I did measurements. Black object easily reaches 145 deg. F, in the sun here. The shade is normally less than 95 F. That gives us a delta T (change in temperature) of 50 deg. Plenty!!

Later I can show you the math -- that tells us how much H.P. we can get from what size solar collector. It works out very nice!!

Uniflo engines were invented just before turbines became common. It was the highest efficiency "piston" steam engines ever built. Got lost when turbines were introduced. Present advantage -- easy to build here in Belize!!

I plan to "cast" the cylinders from cast iron. A very cheap material here. Easy to make up a foundry for.

Uniflow designs are really well suited for compression/pumping -- they were used exactly for that purpose turn of the century -- for refrigeration, pumping water, compressed air for mines -- etc. In these style applications very high efficiency as there is no need to convert from linear to rotary motion.

In my prototype shop in Montreal I once designed and build a "linear" alternator. This is quite simple. I used a simple car altenator -- but instead of rotating the armature I simple passed it back and forth through the stationary fields -- along the axis. I had two bushings supporting it in the center so it could reciprocate 4 inches. If you do this at 3600 rpm you get 60 cycle AC current. There is a unique property in using steam (or butane vapour) in that to reverse direction no energy is expended (or very little lost) as in the uniflow design you simply compress part of the charge in the apposing cyclinder where the power of stopping is saved and given back when uncompressing into the other direction -- including the "power" of an injection of steam.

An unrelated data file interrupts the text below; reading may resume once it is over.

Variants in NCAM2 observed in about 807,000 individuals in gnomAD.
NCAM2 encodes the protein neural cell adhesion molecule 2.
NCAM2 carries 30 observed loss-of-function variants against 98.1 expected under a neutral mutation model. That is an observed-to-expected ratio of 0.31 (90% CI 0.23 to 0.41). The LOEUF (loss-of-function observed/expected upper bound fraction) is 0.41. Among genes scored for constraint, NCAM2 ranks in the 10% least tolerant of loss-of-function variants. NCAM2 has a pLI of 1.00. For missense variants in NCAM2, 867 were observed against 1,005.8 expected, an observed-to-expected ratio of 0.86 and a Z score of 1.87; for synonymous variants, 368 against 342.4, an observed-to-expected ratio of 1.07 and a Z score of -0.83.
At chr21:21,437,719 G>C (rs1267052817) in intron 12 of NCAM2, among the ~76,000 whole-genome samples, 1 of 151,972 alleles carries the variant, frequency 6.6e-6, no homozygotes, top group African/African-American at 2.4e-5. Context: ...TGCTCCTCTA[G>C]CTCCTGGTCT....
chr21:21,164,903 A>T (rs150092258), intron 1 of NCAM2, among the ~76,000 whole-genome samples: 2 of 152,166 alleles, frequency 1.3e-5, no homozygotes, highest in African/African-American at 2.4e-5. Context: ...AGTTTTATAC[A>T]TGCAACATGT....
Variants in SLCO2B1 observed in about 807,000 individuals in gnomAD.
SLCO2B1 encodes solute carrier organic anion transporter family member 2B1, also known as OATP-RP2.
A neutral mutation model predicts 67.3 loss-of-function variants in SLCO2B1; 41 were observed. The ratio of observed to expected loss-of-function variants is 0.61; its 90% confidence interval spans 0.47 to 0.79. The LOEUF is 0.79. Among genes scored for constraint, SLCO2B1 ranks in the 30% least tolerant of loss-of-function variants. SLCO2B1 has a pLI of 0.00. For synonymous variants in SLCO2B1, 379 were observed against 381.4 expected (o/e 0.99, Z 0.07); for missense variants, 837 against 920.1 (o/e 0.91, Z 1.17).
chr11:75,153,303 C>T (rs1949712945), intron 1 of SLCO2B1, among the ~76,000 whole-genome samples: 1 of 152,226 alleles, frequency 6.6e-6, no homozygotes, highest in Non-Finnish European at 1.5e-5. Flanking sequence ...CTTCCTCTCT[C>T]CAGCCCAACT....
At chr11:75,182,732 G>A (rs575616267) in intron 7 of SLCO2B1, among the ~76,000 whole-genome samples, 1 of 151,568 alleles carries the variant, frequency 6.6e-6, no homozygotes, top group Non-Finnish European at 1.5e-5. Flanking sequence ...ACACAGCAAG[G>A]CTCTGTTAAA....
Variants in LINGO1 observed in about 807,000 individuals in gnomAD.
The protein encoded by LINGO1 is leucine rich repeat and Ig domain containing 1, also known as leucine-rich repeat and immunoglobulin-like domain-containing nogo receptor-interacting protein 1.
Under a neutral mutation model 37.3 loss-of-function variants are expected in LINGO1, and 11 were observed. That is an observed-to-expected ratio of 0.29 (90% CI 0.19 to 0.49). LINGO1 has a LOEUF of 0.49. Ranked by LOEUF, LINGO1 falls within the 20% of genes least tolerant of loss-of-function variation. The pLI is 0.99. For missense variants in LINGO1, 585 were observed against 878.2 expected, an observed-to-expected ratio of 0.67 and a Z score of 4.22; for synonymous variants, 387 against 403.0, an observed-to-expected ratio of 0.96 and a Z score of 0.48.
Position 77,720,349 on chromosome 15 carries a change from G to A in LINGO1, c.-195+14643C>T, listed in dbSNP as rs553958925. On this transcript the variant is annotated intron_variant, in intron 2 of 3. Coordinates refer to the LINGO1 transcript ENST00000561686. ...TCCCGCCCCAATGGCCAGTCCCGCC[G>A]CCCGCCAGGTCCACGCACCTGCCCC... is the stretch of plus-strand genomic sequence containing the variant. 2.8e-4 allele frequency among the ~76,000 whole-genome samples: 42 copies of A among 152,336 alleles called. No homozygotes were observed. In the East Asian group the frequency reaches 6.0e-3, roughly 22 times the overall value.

And the list goes on and on ---

If you ever get down here we'll have fun!! Wait till I tell you about my ideas to make a "Air" shotgun. Like a pellet gun but using 2000 PSI air pressure to fire a 12 gauge charge of pellets at around 900 ft per second!!

I have a whole list of "third world" projects. That is devices that third world people not only would really like to have -- but could afford to buy.

I built a prototype uniflow "contruction" compressor once that was powerd by a water/steam boiler fed by chopped up chunks of car tires. You know -- one car tire has 300,000 BTU of heat energy in it. And this thing does not "smoke". Thought it would be great for compressed air for jack hammers etc.

This can also be applied to a very large hydraulic pump -- like in running a hydraulic shovel.